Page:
The BPCC’s Real Estate & Construction working group took the opportunity of the visit to Warsaw of Arup’s Access & Inclusive Environments lead at Arup, Mei-Yee Man Oram to hold an event around the topic of neuro-inclusive design.

For decades now, architects and interior designers have worked to create spaces that would be accessible, predominantly for wheelchair users and some sensory requirements (e.g. for blind and partially sighted people). But it is being recognised, and thus the industry is responding, that the requirements of people with who are neurodivergent (e.g. people who have autism, ADHD, dementia, dyslexia, etc.) are also needing to be considered. The wrong styling cues, wrong colour combinations – contrasts that are too great or too small in the wrong context, sounds that can trigger neurological disturbances – may end up causing a potential customer to leave the shop without making a purchase, to be continually distracted at work, or simply made to feel excluded.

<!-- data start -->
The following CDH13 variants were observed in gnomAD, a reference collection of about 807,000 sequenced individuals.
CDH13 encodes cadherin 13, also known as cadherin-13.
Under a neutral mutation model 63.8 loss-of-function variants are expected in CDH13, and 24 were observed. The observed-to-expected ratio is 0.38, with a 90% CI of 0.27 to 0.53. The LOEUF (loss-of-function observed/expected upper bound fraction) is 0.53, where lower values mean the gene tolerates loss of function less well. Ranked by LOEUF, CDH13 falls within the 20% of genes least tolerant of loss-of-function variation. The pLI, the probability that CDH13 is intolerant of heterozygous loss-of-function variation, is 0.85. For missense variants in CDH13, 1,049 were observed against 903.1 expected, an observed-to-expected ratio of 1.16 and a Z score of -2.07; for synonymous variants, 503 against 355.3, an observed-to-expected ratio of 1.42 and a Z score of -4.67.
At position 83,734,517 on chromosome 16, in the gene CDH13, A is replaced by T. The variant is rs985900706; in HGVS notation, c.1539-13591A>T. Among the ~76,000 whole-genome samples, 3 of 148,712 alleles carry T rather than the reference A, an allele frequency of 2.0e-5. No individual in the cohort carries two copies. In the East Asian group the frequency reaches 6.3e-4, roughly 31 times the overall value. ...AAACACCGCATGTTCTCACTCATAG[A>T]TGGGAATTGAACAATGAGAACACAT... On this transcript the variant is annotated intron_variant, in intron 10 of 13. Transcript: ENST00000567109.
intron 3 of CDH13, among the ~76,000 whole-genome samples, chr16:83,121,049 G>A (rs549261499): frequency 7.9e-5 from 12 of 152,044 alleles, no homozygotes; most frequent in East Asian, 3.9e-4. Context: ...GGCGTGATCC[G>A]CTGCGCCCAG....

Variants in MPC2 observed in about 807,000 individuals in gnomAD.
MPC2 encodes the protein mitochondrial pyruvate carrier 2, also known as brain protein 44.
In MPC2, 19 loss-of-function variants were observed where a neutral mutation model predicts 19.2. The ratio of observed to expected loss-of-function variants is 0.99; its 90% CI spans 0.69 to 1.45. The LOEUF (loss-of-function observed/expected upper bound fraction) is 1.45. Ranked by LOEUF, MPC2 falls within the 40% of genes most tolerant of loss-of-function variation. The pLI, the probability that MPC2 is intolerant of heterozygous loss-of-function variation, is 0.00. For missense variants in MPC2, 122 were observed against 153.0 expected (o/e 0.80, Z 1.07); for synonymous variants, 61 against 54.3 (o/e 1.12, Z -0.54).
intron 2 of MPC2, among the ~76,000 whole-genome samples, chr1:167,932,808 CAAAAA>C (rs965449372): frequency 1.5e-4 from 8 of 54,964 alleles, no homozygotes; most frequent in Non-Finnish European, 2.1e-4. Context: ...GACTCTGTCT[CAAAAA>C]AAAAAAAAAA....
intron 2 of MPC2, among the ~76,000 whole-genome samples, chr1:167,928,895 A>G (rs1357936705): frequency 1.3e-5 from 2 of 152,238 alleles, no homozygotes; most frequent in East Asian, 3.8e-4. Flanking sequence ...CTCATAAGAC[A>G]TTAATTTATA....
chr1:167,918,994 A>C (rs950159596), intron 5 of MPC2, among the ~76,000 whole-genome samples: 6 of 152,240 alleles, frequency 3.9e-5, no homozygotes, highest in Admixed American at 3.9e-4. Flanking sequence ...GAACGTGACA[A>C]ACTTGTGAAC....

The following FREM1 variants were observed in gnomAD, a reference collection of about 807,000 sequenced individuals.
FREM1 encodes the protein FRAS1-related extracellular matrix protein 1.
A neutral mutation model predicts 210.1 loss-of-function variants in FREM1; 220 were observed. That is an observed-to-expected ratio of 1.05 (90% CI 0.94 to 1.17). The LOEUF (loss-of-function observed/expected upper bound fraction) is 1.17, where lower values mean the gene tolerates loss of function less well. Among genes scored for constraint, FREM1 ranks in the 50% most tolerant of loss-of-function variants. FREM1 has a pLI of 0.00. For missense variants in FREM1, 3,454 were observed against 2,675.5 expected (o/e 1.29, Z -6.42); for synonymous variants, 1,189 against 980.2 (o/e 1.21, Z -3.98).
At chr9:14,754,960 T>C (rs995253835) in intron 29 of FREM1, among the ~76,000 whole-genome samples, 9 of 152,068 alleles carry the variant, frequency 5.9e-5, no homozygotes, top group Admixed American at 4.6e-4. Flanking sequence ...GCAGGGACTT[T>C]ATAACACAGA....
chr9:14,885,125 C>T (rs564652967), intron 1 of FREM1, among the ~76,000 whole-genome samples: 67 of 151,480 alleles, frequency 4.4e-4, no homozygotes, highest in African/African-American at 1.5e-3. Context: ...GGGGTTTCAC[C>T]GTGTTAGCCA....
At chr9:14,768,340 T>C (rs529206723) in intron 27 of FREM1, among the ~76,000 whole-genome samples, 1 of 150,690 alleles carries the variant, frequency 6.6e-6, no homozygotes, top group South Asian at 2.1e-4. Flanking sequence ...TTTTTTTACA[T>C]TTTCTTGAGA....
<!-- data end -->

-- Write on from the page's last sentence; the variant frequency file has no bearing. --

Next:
Everyone’s brain works differently and we all experience the world in diverse ways. Even people without diagnosed conditions may react negatively to an external stimulus in the built environment, without even being aware of it.

Mei-Yee Man Oram, who leads the Access & Inclusive Environments practice at Arup in London, shared design ideas, principles and experiences of designing with the needs of neurodivergent users in mind. She explained through case studies of Arup’s inclusive designs what a truly inclusive design means, and covered emerging trends that impact inclusive design. “This is what ‘next’ looks like,” she said.

Mrs Man Oram has worked on the a number of global retail portfolios, broadcasting studios and for Arup’s London HQ at 80 Charlotte Street, working within an interdisciplinary team that considers how interiors might be experienced by people with various accessibility requirements. She explained how important light, noise levels, room temperature, finishes, and floor contrast is. These may lead to loss of concentration, distraction and discomfort, leading to adverse reactions among certain groups of people.

The answer, says Mrs Man Oram, is to consider how a workplace, retail environment or public space will be received by neurodiverse groups at the design phase. “It is a social and moral responsibility to do so,” she said.

The presentation was followed by a Q&A session and time for networking.

Inclusive design and neurodiversity – Mei-Yee Man Oram